• Legal Ethics and Lawyer Web Sites, Part I, 25 CEB Cal Bus Law Prac 133 (Fall 2010).
  • Legal Ethics and Lawyer Web Sites, Part II, 26 CEB Cal Bus Law Prac 25 (Winter 2011).
  • LEGAL ETHICS: RULES, STATUTES AND COMPARISONS (Lexis-Nexis 2011) (with Richard Zitrin).
  • Unwaivable Conflicts of Interest, L.A. County Bar Update (July 2012).
Robert Molko


Robert Molko

Robert Molko

Professor of Law, Director of Criminal Law Externships



J.D., Southwestern School of Law
M.S.E.E., New York University, New York
B.S.E.E., City College of New York


Criminal Externship Seminar
Trial Practice
Criminal Justice Ethics
Criminal Procedure
Criminal Law


Professor Molko worked as an engineer on unmanned space flights operation at the Jet Propulsion Laboratory before he entered the practice of law. He was part of the mission teams that sent the unmanned MVM71 past the planets Mercury, Venus and Mars, the unmanned Pioneer 10 to its close encounter of the planet Jupiter in 1974, and the Viking spacecrafts that eventually made the first safe landing on the planet Mars.

He attended Southwestern University School of Law where he was a member of the Law Review and received the degree of Juris Doctor cum laude. He then joined the Orange County District Attorney's in 1975 and was a prosecutor in that office for 32 years. During that time, he tried more than 155 jury trials, including 35 homicides and a Death Penalty case. He was the Assistant District Attorney in charge of the Economic Crimes Unit for 8 years.

He retired from the Orange County District Attorney's Office and initially joined the Western State Adjunct Faculty starting in January 2007. He has been the Director of the Criminal Law Externship Program since then. He has also taught Advanced and California Evidence,Trial Practice and Criminal Ethics.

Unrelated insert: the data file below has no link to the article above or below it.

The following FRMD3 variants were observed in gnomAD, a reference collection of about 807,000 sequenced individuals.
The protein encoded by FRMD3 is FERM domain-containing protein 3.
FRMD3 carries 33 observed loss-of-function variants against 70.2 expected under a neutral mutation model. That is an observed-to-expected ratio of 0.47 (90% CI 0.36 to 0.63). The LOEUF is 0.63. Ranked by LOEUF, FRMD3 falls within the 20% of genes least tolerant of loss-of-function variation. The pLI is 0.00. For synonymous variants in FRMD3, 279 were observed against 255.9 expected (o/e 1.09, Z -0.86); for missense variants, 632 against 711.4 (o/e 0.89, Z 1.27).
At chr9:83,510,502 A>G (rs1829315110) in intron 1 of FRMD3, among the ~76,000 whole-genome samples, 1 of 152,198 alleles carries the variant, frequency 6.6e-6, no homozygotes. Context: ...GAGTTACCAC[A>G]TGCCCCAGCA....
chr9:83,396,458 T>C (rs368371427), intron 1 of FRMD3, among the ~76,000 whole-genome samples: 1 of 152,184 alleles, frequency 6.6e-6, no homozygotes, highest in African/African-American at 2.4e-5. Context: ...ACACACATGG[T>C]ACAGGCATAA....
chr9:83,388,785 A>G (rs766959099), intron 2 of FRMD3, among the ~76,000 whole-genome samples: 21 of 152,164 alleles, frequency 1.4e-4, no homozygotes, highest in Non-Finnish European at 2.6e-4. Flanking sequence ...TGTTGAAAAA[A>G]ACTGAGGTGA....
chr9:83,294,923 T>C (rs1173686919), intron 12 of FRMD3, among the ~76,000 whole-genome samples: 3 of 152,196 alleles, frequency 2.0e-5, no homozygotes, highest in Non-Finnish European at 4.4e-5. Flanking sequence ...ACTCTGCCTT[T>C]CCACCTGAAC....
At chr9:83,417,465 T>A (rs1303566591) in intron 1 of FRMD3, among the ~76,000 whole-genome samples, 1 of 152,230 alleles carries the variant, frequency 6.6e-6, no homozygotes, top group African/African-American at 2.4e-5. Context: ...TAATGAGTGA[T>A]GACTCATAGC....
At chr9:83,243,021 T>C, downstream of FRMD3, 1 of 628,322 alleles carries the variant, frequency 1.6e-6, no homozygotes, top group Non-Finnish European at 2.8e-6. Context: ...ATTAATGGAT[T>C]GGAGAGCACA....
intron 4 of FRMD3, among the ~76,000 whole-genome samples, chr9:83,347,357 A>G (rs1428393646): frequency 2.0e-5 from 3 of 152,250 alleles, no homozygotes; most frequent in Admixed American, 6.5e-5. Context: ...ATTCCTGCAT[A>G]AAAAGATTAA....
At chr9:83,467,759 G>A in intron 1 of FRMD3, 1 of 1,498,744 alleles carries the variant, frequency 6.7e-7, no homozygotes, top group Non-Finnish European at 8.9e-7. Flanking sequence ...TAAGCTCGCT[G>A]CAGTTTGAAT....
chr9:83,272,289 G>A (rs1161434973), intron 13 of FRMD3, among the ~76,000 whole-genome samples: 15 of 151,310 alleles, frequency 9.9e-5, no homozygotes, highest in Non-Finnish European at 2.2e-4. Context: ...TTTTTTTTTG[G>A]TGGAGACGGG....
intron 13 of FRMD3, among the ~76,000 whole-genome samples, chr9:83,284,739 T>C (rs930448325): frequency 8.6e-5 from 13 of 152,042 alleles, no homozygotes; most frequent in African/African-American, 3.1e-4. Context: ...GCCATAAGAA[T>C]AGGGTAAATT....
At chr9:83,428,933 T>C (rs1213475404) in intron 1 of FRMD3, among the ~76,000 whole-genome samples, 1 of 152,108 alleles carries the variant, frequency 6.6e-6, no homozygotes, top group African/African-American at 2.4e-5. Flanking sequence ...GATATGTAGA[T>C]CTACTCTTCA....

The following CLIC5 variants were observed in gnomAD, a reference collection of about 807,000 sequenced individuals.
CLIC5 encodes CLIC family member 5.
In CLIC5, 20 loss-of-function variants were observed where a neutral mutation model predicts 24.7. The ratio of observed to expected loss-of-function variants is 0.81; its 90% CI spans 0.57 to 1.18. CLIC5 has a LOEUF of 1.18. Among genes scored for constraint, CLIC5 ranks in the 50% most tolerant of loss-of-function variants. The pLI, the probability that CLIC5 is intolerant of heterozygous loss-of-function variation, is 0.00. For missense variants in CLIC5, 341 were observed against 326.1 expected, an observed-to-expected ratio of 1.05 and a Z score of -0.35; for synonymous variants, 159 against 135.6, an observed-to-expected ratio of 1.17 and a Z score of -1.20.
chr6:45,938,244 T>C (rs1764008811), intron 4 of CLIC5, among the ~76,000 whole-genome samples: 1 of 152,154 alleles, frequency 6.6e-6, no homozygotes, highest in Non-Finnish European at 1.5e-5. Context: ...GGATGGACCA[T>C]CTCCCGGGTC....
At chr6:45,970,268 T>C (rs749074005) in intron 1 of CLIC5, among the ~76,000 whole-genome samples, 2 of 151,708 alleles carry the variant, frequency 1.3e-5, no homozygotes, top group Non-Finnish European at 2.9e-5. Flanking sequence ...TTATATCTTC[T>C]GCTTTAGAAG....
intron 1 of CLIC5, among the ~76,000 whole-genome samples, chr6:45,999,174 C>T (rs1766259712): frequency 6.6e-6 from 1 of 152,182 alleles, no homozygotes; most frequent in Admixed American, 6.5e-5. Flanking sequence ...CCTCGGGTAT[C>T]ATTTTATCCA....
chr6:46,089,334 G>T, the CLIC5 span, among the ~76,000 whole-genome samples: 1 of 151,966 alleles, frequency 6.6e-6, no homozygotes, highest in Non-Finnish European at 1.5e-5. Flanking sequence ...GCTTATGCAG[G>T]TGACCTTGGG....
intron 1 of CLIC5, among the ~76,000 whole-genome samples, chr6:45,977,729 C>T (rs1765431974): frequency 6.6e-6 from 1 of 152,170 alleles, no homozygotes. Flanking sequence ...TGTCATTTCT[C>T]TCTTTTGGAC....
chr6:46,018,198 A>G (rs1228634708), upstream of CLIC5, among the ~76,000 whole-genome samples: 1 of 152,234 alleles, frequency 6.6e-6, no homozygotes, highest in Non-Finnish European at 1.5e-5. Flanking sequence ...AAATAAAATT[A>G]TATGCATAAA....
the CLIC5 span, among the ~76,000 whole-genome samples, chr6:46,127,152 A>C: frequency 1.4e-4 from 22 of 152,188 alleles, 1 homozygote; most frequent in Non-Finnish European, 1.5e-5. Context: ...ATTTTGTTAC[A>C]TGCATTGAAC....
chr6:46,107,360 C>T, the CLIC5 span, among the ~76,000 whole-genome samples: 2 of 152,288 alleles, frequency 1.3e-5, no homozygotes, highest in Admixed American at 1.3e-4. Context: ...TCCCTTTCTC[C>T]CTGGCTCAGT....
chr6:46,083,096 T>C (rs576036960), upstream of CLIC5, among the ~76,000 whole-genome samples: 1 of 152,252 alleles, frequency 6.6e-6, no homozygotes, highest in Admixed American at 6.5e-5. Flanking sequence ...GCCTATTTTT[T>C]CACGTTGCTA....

• The Drones Are Coming! Will the Fourth Amendment stop their threat to our privacy? 78 Brook. L. Rev. 1279 (2013).
  • The Perils of Suspicionless DNA Extraction of Arrestees under California Proposition 69: Liability of the California Prosecutor for Fourth Amendment Violation? The Uncertainty Continues in 2010. 37 W.St.U.L.Rev. 183 (2010).
Eunice Park


Eunice Park

Eunice Park

Associate Professor of Lawyering Skills, Assistant Director, Legal Writing & Research



J.D., University of Michigan
A.B., Smith College


Legal Writing & Research, I & II; Honors Writing


Professor Park has considerable expertise in teaching a wide range of legal skills classes and has developed innovative curricular material in legal research.

Eunice Park received an A.B. in English Language and Literature with a minor in Government from Smith College, where she graduated Phi Beta Kappa and magna cum laude. She received her J.D. from the University of Michigan, Ann Arbor. Professor Park has also taught Legal Skills and Professional Responsibility Practicum Skills/Interviewing, Counseling, and Negotiation classes at Whittier School of Law prior to teaching for Western State College of Law.


Professor Park has focused her scholarship on legal writing, its pedagogy, and on the tension between technology and privacy.  You can review Professor Park's research on her SSRN author page: 

  • “Objects, Places and Cyber-Spaces Post-Carpenter:  Extending the Third Party Doctrine Beyond CSLI:  A Consideration of IoT and DNA," 21 Yale J.L. & Tech. 1 (2019).

  • “Cultural Competence to Advance Diversity and Inclusion in Practice:  Why, How, & Assessment,” Western Regional Legal Writing Conference, UCI School of Law, September 2018.
  • “Protecting the Fourth Amendment After Carpenter in the Digital Age:  What Gadget Next?”, Orange County Lawyer Magazine, Vol. 60, No. 5, May 2018, at 34.